Gender Language Style and Group Composition in Internet Discussion Groups

  title={Gender Language Style and Group Composition in Internet Discussion Groups},
  author={Victor Savicki and Dawn Lingenfelter and Merle Kelley},
  journal={Journal of Computer-Mediated Communication},
This study focuses on group gender composition and the seeming relatedness between gender roles and group process functions described as task and maintenance, as found on the Internet. The sample was drawn from randomly selected set of 27 online discussion groups from both the Internet and from commercial information services (e.g. Compuserv) using the ProjectH dataset. The 2692 valid messages were coded for language content (fact, apology, first person flaming, status, etc.) that has been… 
Gender, Language And Computer-mediatedCommunication
Gender-related patterns in language use and interaction styles were found in face-to-face and computermediated contexts and in relation to the democratising theories of CMC.
'I totally agree with you': gender interactions in educational online discussion groups
Findings from an extensive project examining gender, language and computer-mediated communication (CMC) in the context of undergraduate psychology courses found that females were more likely than males to make attenuated contributions and express agreement, whereas males were morelikely than females to make authoritative contributions andexpress disagreement.
Staging gender online: gender plays in Swiss internet relay chats
The relationship between chat and gender is a topic that has been discussed for more than 20 years now. Feminist theorists have claimed that virtual reality effaces gender. Others have pointed to the
Stereotypes and Gender Identity in Italian and Chilean Chat Line Rooms
This work is an attempt to analyze how men and women communicate gender identity by using stereotypical traits in a chat line environment, through quantitative and qualitative data. In Study 1
The Effect of Topic of Discussion on Gendered Language in Computer-Mediated Communication Discussion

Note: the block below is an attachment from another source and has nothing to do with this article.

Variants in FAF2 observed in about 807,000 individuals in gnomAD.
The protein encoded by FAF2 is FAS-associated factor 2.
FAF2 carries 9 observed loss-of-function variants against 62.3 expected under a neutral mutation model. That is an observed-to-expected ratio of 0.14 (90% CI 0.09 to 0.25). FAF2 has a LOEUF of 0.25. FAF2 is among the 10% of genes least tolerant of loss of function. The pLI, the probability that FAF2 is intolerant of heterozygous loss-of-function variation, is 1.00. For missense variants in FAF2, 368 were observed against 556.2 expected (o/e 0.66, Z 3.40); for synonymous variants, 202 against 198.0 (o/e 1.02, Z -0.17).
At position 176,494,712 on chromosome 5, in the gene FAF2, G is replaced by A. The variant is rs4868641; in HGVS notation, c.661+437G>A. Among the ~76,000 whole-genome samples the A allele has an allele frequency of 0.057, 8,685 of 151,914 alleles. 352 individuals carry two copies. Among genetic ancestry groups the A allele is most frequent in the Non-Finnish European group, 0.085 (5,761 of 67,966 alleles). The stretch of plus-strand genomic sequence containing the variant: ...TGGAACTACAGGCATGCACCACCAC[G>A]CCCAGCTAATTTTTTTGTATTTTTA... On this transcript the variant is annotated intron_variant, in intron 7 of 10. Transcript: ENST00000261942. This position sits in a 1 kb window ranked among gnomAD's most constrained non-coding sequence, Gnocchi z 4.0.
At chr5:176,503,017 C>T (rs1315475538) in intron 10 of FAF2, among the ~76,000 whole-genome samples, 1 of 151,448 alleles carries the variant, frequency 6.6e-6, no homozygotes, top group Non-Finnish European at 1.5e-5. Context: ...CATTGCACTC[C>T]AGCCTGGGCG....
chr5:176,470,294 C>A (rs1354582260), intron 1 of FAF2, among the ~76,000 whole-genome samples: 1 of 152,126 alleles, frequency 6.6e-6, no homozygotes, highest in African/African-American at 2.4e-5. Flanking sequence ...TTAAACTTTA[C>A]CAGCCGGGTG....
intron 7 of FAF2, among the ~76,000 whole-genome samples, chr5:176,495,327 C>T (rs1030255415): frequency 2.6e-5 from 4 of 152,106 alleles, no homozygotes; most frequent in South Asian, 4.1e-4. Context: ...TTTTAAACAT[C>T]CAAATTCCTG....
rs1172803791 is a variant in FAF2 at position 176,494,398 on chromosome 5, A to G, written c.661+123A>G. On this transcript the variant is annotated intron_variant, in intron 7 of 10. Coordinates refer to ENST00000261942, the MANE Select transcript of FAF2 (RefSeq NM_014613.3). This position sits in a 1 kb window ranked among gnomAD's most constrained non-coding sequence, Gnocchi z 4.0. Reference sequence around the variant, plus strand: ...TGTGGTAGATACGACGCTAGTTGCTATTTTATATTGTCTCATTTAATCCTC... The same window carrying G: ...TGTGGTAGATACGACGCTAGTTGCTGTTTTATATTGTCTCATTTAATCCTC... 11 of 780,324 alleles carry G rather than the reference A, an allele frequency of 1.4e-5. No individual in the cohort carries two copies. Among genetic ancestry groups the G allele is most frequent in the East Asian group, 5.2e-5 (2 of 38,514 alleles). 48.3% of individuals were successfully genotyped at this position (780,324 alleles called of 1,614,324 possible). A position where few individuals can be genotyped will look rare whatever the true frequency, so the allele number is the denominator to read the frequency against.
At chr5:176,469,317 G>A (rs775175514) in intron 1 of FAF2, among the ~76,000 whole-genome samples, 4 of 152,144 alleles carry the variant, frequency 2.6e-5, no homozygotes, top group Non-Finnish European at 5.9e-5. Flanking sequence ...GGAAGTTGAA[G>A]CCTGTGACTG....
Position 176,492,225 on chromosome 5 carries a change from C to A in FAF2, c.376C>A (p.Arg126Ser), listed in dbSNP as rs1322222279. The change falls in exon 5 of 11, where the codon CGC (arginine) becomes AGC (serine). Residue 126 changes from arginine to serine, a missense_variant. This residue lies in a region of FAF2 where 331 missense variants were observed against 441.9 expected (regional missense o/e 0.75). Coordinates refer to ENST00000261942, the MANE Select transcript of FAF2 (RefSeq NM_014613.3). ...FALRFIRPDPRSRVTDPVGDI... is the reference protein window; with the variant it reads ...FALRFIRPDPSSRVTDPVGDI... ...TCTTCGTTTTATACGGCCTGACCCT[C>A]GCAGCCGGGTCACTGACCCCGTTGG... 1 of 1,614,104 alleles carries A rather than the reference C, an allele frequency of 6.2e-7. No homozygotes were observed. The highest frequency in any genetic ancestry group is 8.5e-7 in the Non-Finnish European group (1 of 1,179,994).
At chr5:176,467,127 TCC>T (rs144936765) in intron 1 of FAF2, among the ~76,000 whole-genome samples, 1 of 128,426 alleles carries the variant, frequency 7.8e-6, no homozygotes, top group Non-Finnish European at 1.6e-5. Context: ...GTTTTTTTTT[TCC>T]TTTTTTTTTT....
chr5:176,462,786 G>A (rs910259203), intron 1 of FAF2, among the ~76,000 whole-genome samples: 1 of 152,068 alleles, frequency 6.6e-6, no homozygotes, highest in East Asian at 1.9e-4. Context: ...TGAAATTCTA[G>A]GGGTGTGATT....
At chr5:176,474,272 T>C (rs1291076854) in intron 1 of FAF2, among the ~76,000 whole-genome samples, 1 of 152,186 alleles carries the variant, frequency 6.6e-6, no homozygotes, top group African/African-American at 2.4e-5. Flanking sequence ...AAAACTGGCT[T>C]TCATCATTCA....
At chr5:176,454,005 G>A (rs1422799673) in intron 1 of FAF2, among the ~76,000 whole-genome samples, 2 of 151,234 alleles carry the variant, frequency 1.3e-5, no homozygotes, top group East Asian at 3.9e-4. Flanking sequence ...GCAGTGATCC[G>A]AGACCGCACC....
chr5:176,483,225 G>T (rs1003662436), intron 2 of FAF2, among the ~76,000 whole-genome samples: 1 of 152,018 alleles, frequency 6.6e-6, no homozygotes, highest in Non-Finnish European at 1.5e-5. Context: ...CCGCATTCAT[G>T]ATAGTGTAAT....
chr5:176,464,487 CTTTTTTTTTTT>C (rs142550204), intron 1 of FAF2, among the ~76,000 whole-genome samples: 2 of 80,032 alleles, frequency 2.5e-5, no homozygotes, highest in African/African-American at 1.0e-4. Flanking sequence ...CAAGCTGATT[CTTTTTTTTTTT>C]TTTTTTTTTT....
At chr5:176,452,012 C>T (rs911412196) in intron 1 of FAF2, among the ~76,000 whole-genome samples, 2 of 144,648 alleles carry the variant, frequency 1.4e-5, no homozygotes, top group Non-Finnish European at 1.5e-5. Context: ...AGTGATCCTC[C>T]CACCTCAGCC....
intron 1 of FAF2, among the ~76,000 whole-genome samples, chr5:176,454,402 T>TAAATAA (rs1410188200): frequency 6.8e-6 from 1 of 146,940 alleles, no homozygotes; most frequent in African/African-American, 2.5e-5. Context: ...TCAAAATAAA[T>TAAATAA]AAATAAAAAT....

Gendered language in computer-mediated communication (CMC) is more than just a function of the gender of the participants because people are very flexible in the language style they use. In these
Purpose of the study: This study aims to analyse which gender language features are used by both genders in computer-mediated communication (CMC) and also investigates if online gender communication
Multiple Perspectives on the Influence of Gender in Online Interactions
As an information and communication technology, the Internet has contributed to structural changes in social life. This technology has opened up new social spaces for people to communicate across
Gendered talk: Taboo language in Internet Relay Chat
One of the well-established sociolinguistic stereotypes is the concept of woman as a gentle and delicate creature whose language tallies with this notion. Women are brought up to mind their manners
Gender Salience and the Use of Linguistic Qualifiers and Intensifiers in Online Course Discussions
Past studies of online discourse found social presence to be a critical element in the learning process. Social presence connotes the extent to which students perceive themselves as intellectually


Gender differences in interaction style and influence.
Observed 128 Ss in mixed- and same-sex dyads to examine effect of interaction on sex differences in influence. Ss discussed 2 topics on which they disagreed. During the 2nd discussion, t S in each
Sex differences in task and social-emotional behavior.
Studies which used behavioral observation techniques were reviewed to determine if significant sex differences exist in small group interaction. Results-indicated that (1) there are no significant
Male/female language differences and effects in same‐sex and mixed‐sex dyads: The gender‐linked language effect
Ninety‐six university students (48 males, 48 females) were randomly assigned a partner (whom they did not know well), forming two dyad conditions: (a) same‐sex, and (b) mixed‐sex. The 48 dyads were
Sex differences in self-disclosure: a meta-analysis.
A meta-analysis of 205 studies involving 23,702 Ss found that sex differences in self-disclosure were significantly greater to female and same-sex partners than to opposite-sex or male partners.
Gender and self-disclosure revisited: personal and contextual variations in self-disclosure to same-sex acquaintances.
Although masculinity failed to exert the expected facilitative impact on self-disclosure within the instrumental context, it nonetheless influenced the results; androgynous subjects, who scored high in both masculinity and femininity, were more self-revealing across contexts than was any other group.
Men's and women's self-confidence in persuasive, comforting, and justificatory communicative tasks
The self-confidence of men and women was assessed in three types of interpersonal communicative situations. Participants indicated anticipated level of success, evaluated their performance, and